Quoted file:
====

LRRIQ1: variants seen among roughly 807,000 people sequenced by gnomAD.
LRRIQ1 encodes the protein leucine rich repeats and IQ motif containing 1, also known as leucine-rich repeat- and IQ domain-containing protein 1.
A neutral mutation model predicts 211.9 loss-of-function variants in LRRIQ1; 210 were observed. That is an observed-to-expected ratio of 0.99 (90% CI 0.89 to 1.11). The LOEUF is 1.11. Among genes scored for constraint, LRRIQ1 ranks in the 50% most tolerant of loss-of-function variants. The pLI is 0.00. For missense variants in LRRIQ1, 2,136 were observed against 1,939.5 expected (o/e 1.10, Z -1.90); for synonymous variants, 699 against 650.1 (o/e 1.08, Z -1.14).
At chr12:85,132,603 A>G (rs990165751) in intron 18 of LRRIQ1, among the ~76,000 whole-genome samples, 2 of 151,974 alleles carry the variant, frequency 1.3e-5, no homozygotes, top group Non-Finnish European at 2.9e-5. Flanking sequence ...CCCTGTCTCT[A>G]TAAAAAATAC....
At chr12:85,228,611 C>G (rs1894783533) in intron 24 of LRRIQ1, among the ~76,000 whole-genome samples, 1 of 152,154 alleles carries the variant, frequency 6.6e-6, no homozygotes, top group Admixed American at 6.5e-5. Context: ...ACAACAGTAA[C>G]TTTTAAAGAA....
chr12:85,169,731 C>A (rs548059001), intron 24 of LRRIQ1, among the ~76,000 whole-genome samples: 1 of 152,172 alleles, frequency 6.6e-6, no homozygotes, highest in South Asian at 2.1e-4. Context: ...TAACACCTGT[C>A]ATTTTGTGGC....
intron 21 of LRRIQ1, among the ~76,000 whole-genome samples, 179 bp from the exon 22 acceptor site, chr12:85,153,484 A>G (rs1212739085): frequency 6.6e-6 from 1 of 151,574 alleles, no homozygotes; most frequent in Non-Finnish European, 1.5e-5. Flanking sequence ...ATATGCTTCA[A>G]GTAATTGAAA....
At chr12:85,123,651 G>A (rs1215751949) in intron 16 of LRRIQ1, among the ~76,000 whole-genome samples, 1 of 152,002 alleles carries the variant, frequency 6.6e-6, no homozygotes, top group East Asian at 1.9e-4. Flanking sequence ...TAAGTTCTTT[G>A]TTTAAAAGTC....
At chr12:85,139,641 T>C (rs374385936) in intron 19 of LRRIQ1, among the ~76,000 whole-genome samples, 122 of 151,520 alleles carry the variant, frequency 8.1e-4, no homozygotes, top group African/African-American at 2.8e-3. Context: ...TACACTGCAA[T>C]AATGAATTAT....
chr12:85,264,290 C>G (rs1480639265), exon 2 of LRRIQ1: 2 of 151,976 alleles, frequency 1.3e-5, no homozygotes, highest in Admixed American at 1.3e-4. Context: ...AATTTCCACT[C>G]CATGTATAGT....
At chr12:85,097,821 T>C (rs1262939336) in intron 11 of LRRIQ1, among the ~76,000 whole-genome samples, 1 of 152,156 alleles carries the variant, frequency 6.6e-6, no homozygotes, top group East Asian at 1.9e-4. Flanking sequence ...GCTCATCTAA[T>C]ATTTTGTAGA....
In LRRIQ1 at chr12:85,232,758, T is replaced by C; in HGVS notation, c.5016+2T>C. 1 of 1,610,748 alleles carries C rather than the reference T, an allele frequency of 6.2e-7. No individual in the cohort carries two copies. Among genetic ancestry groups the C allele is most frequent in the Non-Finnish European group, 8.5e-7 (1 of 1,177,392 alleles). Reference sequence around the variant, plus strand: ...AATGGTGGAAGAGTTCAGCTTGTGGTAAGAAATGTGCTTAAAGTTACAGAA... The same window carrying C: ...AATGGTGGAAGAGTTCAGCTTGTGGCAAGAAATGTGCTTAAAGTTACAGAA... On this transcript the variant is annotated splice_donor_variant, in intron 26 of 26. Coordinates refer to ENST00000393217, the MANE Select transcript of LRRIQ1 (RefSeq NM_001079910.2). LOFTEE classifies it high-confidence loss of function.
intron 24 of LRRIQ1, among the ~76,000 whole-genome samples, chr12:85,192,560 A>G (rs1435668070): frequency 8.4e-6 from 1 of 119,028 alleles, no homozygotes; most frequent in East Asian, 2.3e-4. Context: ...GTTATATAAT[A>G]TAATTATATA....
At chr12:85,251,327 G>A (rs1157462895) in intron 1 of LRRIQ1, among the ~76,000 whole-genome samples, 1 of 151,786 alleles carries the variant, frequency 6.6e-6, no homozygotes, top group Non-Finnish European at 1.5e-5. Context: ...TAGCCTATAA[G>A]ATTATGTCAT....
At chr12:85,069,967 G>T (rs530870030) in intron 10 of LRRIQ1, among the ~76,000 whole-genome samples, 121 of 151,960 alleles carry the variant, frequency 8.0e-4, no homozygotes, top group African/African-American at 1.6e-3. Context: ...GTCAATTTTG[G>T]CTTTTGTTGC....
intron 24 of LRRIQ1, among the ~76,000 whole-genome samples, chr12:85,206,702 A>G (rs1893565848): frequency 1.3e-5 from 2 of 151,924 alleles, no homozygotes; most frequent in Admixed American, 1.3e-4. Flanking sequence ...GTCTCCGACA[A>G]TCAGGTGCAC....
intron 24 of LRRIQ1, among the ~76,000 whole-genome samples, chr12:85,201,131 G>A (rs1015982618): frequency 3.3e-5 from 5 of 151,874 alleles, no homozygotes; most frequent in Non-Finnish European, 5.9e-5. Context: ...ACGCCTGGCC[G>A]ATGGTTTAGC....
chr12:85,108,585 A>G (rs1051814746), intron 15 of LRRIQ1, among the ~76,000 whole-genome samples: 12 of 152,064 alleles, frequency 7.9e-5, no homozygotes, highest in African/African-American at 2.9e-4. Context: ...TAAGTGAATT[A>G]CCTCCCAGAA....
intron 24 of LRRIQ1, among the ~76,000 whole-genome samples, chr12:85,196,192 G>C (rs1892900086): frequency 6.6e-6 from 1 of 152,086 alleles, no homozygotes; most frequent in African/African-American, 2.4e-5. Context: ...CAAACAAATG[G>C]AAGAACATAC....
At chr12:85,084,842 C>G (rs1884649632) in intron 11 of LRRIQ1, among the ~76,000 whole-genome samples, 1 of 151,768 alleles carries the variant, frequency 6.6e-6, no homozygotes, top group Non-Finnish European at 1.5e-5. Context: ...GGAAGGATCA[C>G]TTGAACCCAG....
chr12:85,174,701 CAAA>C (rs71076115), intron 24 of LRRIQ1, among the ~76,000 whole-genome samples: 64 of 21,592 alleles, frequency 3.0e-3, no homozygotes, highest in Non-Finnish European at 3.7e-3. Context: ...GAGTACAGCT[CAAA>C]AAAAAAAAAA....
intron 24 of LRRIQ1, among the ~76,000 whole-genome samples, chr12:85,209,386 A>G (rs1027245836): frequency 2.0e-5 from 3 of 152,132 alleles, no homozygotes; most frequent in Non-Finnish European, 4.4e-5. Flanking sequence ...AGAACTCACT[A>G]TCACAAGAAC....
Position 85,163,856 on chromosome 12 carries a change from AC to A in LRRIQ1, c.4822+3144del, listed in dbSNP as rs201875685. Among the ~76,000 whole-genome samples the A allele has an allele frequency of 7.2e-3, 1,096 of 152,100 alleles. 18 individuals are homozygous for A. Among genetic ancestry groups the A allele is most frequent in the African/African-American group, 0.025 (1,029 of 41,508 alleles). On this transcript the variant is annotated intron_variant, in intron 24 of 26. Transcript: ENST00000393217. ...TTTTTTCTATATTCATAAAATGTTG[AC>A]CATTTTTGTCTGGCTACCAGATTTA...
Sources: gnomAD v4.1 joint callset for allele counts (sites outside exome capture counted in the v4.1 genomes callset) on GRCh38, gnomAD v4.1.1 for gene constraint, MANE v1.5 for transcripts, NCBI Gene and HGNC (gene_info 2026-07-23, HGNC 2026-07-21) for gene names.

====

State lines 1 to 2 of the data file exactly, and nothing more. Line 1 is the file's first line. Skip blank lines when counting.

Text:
LRRIQ1: variants seen among roughly 807,000 people sequenced by gnomAD.
LRRIQ1 encodes the protein leucine rich repeats and IQ motif containing 1, also known as leucine-rich repeat- and IQ domain-containing protein 1.